Home Archived May 12, 2018

Stanton Repeat Photography

Mile 44.6, Below Eminence Camp, Downstream View from River Right (Stake 2732)

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Stake 2732, 17 January 1890 View Larger Image
17 January 1890
This murky view, taken from a talus slope, overlooks a riffle and debris fan below the Eminence Break. Part of the now heavily used Eminence Camp appears at left center. The debris fan contains several large expanses of sand, and no vegetation. Several mesquite grow in the center foreground, along with beavertail pricklypear, Mormon tea, and Anderson thornbush. Biological soil crusts occur on the bare ground at lower right.
Photo credit: Robert B. Stanton, 57-RS-347, courtesy of The National Archives

Stake 2732, 23 February 1993 View Larger Image
23 February 1993
The poor quality of the original made for a difficult match, but many changes can still be detected. Most of the mesquite have persisted the century, as have Anderson thornbush and some of the Mormon tea. Pricklypear is present, and the biological soil crusts are more apparent at lower right. The large sandbar on the debris fan on river left (left side) has been eroded, and tamarisk now grows on its downstream end as well in the far left foreground.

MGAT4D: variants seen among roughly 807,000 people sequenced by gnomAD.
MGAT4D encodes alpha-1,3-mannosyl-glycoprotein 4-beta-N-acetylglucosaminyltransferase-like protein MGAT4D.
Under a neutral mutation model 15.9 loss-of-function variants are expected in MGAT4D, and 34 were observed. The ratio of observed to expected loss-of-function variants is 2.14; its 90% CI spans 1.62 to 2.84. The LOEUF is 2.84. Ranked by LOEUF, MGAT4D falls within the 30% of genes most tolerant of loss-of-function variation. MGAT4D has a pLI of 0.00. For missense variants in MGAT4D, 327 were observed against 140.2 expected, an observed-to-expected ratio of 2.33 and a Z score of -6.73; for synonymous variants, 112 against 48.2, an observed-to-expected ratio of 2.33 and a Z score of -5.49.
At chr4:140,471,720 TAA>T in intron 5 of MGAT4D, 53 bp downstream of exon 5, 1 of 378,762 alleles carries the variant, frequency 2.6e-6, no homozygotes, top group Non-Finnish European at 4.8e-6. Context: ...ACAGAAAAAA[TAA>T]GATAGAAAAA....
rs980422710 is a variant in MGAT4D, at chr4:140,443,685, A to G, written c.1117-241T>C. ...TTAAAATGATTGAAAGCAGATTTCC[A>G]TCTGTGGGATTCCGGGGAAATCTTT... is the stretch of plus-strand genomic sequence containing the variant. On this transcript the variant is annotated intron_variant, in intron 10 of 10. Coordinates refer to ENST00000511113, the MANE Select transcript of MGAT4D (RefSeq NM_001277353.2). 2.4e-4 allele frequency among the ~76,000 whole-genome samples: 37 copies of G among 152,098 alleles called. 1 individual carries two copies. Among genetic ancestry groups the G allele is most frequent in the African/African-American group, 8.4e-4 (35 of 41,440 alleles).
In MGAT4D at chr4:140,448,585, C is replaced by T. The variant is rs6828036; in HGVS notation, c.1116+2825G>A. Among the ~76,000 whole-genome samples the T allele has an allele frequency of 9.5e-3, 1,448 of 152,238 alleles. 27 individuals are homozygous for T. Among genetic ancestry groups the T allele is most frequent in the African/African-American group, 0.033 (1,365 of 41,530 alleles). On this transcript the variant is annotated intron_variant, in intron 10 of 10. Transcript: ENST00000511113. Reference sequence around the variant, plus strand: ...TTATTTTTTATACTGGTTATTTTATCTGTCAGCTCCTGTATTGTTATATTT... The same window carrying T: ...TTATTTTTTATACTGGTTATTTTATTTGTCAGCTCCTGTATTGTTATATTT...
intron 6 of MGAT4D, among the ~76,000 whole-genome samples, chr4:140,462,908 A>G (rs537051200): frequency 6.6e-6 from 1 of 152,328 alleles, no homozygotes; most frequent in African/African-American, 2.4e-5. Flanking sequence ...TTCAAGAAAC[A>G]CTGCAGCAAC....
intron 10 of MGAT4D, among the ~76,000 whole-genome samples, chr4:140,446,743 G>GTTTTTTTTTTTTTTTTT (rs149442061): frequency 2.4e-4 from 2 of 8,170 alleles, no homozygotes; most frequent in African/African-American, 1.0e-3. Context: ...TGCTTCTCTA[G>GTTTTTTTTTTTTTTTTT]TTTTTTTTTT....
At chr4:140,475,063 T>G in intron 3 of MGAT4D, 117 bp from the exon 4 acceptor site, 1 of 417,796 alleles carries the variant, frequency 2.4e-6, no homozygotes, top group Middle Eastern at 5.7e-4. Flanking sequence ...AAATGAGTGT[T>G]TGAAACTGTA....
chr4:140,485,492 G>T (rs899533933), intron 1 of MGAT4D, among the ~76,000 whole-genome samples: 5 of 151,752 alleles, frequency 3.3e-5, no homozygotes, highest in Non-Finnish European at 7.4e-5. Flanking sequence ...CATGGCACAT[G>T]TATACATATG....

Photo credit: Tom Wise

Stake 2732, 18 September 2010 View Larger Image
18 September 2010
Many of the mesquite continue to persist, but they are dying back, probably in response to the lowered water levels in the Colorado River. Anderson thornbush and Mormon tea present at the time of Stanton’s photograph persist, and the pricklypear growing in the right foreground persists from 1993. The biological soil crusts appear to have diminished but are still present. Tamarisk has increased in density and number on both sides of the river, and the sandbar juts further out, possibly an artifact of lower river flows at this time.
Photo credit: Bill Lemke

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